I’ve paid statutory sick pay (SSP) to an employee who has been absent for two weeks and is still absent. He now wants to take some of the time off as yearly leave. Is it necessary for me to agree to this because I’ve already done payroll, paid him, and printed his payslip?
Employees have the right to request yearly leave, but companies are not obligated to comply. Suppose it happened the other way around, for example. If an employee became ill during an annual leave period and presented a doctor’s note for the period of illness, the time could be classified as “sickness” rather than “vacation.” However, there is no legal requirement that this function is in reverse. You don’t have to agree to him switching his SSP sick leave to yearly leave; it’s up to you to figure out what works best for your company.
>See also: Do I have to pay self-isolating employees?
There are several reasons why some employers refuse to treat illness as a vacation. For starters, it implies that companies cannot appropriately assess the frequency of sick leave. It also contradicts the aim of annual leave, which is for employees to take time off. As a result, employees may be eligible for incentives that they are not entitled to.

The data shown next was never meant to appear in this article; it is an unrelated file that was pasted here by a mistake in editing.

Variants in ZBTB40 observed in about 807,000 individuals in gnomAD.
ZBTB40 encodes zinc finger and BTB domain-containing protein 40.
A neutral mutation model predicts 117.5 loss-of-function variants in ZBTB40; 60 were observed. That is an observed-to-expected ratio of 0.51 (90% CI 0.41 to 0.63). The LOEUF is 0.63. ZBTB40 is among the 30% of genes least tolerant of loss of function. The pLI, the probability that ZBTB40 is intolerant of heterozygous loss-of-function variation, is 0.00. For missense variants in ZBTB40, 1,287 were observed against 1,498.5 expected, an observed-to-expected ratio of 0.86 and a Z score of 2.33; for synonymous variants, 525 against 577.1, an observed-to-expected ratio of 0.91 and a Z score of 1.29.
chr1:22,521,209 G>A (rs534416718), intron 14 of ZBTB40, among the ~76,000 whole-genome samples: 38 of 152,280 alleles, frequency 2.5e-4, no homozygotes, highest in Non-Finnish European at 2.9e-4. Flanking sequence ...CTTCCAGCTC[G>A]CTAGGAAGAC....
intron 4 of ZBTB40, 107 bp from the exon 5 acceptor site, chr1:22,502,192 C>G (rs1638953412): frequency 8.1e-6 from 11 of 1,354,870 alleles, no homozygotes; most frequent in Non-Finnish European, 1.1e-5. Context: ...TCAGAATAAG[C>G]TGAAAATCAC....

It’s vital to remember that your employee will continue to accrue annual leave while on sick leave. This means that if they cannot take it during the leave year (due to illness), you will have to carry it over to the next year. This could have a huge impact on your business, so you’ll need to figure out what’s causing the illness and how long it’ll last.
>See also: Terminating employees who are on long-term sick leave.
However, you should think about whether transferring his sick leave to annual leave will benefit your company. For example, it may be more advantageous for the employee to use up their vacation time rather than being sick and then using vacation time later. If you know the employee has financial difficulties, you may agree to it. So, while you are not obligated to agree, it is worthwhile to assess whether you should say yes.
Bespoke HR’s managing director is Alison King.